The Bible declares God’s pleasure in His creation and His care for all the created things on the earth – both plants and animals. God has given man the task of caring for and protecting His creation on the earth. The Bible says that those who destroy God’s creation will be judged and destroyed themselves. Therefore, the Bible encourages wise stewardship of the earth, its resources, and its creatures. Many Christians have reacted against the environmental movement, probably because of the tendency by many environmentalists not only to protect the earth and its creatures, but to actually worship the creation instead of the Creator. This kind of misdirected loyalty by many environmentalists is clearly condemned in the Bible, since we are to worship God alone.
One of the problems with this anti-environmental movement is that these Christians assume that only they get a say and that we should all be happy to do as they say, as though no other religion exists, or ever existed. Of course, we know they insist only their god exists and I’m perfectly content to leave them their god. However, my ancestors had beliefs and gods of their own, as I do today. I challenge their assumption that only their beliefs count for anything.
Mr. Deem is more than welcome to worship his god alone. I am a Heathen and I worship my own gods. I do not, as it happens, worship the planet I live on though I accept as a matter of course that it is filled with the divine. This life, for me, is what matters. This earth is my home, not some future heaven.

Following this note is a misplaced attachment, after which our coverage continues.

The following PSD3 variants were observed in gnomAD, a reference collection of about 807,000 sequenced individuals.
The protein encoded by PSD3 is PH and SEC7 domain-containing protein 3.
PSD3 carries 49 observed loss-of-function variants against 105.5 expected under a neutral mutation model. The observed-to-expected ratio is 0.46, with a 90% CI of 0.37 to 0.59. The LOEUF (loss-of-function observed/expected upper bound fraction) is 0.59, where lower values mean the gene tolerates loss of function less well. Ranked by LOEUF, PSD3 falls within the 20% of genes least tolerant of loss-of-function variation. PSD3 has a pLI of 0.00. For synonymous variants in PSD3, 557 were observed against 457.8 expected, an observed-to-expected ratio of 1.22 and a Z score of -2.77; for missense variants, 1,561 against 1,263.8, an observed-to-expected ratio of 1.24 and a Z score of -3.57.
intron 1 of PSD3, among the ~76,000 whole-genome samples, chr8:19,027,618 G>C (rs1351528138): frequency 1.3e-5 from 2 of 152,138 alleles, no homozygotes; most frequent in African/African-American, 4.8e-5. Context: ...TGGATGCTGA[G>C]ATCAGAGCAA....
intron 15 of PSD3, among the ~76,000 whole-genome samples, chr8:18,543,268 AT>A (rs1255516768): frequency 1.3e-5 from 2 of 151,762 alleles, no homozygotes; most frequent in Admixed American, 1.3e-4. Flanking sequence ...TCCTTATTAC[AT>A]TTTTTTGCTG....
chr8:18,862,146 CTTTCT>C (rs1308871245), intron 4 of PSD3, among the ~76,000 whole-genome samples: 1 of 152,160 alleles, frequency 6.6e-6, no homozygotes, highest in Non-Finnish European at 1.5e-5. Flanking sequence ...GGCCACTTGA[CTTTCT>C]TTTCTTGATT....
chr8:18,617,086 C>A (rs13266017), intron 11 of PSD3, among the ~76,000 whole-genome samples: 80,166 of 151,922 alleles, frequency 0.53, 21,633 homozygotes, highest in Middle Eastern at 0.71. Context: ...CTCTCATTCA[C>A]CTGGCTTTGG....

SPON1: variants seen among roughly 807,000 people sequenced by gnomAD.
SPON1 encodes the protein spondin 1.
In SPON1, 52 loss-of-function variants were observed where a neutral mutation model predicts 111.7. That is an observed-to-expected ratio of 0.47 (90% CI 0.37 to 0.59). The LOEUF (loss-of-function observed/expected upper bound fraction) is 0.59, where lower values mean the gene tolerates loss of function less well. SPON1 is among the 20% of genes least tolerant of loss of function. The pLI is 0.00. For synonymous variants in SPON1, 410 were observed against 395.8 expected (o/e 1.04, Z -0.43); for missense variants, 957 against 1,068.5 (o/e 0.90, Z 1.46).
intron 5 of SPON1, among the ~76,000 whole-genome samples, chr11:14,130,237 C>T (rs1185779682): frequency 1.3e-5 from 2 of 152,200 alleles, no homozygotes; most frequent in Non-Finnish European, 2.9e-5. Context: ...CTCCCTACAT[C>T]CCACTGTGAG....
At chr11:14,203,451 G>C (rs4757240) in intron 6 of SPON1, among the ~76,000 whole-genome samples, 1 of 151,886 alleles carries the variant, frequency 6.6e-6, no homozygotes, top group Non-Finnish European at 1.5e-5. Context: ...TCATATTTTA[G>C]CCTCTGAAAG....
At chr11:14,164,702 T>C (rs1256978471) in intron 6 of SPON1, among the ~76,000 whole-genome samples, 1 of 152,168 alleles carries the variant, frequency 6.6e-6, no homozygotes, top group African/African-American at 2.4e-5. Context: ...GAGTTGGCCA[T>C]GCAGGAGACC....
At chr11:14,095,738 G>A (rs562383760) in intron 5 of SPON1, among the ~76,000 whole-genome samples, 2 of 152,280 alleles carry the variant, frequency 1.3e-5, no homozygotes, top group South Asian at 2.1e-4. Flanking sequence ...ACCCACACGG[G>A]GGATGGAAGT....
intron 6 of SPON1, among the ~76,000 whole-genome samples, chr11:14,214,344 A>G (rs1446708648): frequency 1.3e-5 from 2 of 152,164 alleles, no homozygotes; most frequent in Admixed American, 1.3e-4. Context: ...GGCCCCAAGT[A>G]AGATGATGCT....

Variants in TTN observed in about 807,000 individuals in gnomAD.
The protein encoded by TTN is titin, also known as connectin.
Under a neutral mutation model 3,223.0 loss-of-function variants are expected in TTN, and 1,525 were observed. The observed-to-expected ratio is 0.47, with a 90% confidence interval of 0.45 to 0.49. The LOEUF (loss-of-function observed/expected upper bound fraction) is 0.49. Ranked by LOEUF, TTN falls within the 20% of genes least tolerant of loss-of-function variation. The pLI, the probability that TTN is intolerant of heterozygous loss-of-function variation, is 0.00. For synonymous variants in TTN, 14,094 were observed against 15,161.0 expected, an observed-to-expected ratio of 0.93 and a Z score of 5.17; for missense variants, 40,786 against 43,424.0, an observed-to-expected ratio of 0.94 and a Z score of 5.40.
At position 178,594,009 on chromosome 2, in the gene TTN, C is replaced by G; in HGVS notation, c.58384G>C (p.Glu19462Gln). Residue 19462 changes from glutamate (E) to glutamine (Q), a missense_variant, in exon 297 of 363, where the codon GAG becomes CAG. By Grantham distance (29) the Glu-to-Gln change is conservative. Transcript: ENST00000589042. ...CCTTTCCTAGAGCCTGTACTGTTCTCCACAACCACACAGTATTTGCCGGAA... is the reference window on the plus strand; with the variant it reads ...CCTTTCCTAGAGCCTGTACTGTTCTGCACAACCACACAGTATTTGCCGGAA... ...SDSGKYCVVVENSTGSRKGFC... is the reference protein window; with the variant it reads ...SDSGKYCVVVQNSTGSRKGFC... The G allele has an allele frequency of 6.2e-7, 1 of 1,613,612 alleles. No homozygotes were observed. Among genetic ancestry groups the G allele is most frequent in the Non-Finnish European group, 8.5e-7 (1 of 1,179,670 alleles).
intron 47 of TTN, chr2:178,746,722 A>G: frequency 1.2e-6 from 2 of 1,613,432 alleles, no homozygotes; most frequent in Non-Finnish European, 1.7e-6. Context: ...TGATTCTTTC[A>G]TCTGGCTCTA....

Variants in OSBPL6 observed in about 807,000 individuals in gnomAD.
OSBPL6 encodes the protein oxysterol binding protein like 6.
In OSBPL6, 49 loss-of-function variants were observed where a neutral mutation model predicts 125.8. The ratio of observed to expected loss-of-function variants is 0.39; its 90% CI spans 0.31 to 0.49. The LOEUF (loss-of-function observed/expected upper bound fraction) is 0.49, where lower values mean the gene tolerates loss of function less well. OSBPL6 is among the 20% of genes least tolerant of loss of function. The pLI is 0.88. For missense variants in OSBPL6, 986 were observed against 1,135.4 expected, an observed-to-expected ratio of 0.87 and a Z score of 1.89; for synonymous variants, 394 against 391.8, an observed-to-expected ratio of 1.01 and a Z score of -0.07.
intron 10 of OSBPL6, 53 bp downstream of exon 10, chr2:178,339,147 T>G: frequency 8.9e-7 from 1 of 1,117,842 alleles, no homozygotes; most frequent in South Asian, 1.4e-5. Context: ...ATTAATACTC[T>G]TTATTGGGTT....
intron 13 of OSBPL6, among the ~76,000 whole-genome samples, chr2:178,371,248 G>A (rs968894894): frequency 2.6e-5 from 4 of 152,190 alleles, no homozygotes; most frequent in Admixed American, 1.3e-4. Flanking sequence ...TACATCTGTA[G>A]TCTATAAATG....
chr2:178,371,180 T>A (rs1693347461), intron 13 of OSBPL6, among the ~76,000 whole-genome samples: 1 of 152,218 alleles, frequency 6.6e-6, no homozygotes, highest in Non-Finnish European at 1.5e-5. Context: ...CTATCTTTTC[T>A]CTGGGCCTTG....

Dr. Barry Napier laments on yet another conservative site, The American Conservative:
I have written three books against environmentalism, showing its true aims – Marxist and Fascist. this is obvious in its ‘non-human future’ ideas (itself an absurdity) and its frank genocide.
Marxism and Fascism now. I thought it was pantheism or paganism! I am a Pagan but I’m not a Marxist or Fascist (and I wonder if Mr. Napier knows the difference, the way he lumps them together). I’ve known many environmentalists who are neither pantheist nor Pagan. Is there some secret cabal of Pagan Marxist-Fascists hiding in the mountains, guiding our hands?